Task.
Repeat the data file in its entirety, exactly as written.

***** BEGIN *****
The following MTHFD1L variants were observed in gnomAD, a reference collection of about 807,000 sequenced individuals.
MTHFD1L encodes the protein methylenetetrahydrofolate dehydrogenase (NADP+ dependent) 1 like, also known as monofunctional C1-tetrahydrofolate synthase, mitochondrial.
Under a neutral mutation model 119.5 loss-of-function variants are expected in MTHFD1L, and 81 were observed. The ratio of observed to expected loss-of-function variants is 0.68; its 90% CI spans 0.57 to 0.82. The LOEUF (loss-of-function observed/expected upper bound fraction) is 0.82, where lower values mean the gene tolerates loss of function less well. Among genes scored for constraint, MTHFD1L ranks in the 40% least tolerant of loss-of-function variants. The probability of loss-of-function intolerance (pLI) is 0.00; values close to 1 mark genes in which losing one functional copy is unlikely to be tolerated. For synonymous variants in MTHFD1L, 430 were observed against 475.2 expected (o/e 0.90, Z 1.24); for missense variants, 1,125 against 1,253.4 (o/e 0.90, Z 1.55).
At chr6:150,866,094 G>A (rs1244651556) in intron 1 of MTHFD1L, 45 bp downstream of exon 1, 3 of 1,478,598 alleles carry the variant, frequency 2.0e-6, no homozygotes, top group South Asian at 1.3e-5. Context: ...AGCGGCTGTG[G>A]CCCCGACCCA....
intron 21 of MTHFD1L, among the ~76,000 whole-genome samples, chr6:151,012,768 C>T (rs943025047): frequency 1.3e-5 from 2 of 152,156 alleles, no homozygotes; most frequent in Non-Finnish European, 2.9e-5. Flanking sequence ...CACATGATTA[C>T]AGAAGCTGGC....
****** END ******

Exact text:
The following MTHFD1L variants were observed in gnomAD, a reference collection of about 807,000 sequenced individuals.
MTHFD1L encodes the protein methylenetetrahydrofolate dehydrogenase (NADP+ dependent) 1 like, also known as monofunctional C1-tetrahydrofolate synthase, mitochondrial.
Under a neutral mutation model 119.5 loss-of-function variants are expected in MTHFD1L, and 81 were observed. The ratio of observed to expected loss-of-function variants is 0.68; its 90% CI spans 0.57 to 0.82. The LOEUF (loss-of-function observed/expected upper bound fraction) is 0.82, where lower values mean the gene tolerates loss of function less well. Among genes scored for constraint, MTHFD1L ranks in the 40% least tolerant of loss-of-function variants. The probability of loss-of-function intolerance (pLI) is 0.00; values close to 1 mark genes in which losing one functional copy is unlikely to be tolerated. For synonymous variants in MTHFD1L, 430 were observed against 475.2 expected (o/e 0.90, Z 1.24); for missense variants, 1,125 against 1,253.4 (o/e 0.90, Z 1.55).
At chr6:150,866,094 G>A (rs1244651556) in intron 1 of MTHFD1L, 45 bp downstream of exon 1, 3 of 1,478,598 alleles carry the variant, frequency 2.0e-6, no homozygotes, top group South Asian at 1.3e-5. Context: ...AGCGGCTGTG[G>A]CCCCGACCCA....
intron 21 of MTHFD1L, among the ~76,000 whole-genome samples, chr6:151,012,768 C>T (rs943025047): frequency 1.3e-5 from 2 of 152,156 alleles, no homozygotes; most frequent in Non-Finnish European, 2.9e-5. Flanking sequence ...CACATGATTA[C>T]AGAAGCTGGC....